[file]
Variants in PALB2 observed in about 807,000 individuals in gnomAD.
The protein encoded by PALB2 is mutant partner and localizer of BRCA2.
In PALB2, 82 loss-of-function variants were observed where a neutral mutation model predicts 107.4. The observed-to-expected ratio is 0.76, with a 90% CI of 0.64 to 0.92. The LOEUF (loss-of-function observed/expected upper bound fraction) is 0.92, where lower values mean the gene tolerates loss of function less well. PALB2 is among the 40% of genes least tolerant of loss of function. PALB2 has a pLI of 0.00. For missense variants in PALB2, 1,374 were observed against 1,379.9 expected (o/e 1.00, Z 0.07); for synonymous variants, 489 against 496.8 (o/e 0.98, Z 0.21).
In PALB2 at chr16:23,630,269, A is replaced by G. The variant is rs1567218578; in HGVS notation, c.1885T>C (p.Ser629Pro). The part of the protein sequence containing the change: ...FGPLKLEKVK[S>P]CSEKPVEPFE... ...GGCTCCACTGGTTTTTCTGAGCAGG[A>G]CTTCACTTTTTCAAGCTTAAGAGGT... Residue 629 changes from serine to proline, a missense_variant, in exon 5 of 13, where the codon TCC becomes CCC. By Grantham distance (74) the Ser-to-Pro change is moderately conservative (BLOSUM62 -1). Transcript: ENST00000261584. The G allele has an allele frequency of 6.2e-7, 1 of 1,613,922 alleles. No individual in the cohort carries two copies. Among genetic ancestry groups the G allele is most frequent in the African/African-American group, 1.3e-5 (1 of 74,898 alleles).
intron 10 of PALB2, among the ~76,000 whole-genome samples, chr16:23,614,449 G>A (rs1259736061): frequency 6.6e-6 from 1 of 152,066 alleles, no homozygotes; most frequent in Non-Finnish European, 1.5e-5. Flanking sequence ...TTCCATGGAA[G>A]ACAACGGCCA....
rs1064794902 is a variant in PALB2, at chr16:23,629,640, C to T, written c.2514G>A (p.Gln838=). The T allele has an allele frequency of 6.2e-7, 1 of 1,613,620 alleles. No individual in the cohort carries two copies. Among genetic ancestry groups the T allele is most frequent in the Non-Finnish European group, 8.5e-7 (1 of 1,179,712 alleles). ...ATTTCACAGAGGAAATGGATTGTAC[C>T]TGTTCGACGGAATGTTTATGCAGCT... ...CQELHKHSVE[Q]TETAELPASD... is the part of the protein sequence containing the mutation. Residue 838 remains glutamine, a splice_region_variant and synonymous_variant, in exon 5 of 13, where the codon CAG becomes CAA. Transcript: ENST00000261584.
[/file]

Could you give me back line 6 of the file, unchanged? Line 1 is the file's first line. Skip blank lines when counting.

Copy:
rs1064794902 is a variant in PALB2, at chr16:23,629,640, C to T, written c.2514G>A (p.Gln838=). The T allele has an allele frequency of 6.2e-7, 1 of 1,613,620 alleles. No individual in the cohort carries two copies. Among genetic ancestry groups the T allele is most frequent in the Non-Finnish European group, 8.5e-7 (1 of 1,179,712 alleles). ...ATTTCACAGAGGAAATGGATTGTAC[C>T]TGTTCGACGGAATGTTTATGCAGCT... ...CQELHKHSVE[Q]TETAELPASD... is the part of the protein sequence containing the mutation. Residue 838 remains glutamine, a splice_region_variant and synonymous_variant, in exon 5 of 13, where the codon CAG becomes CAA. Transcript: ENST00000261584.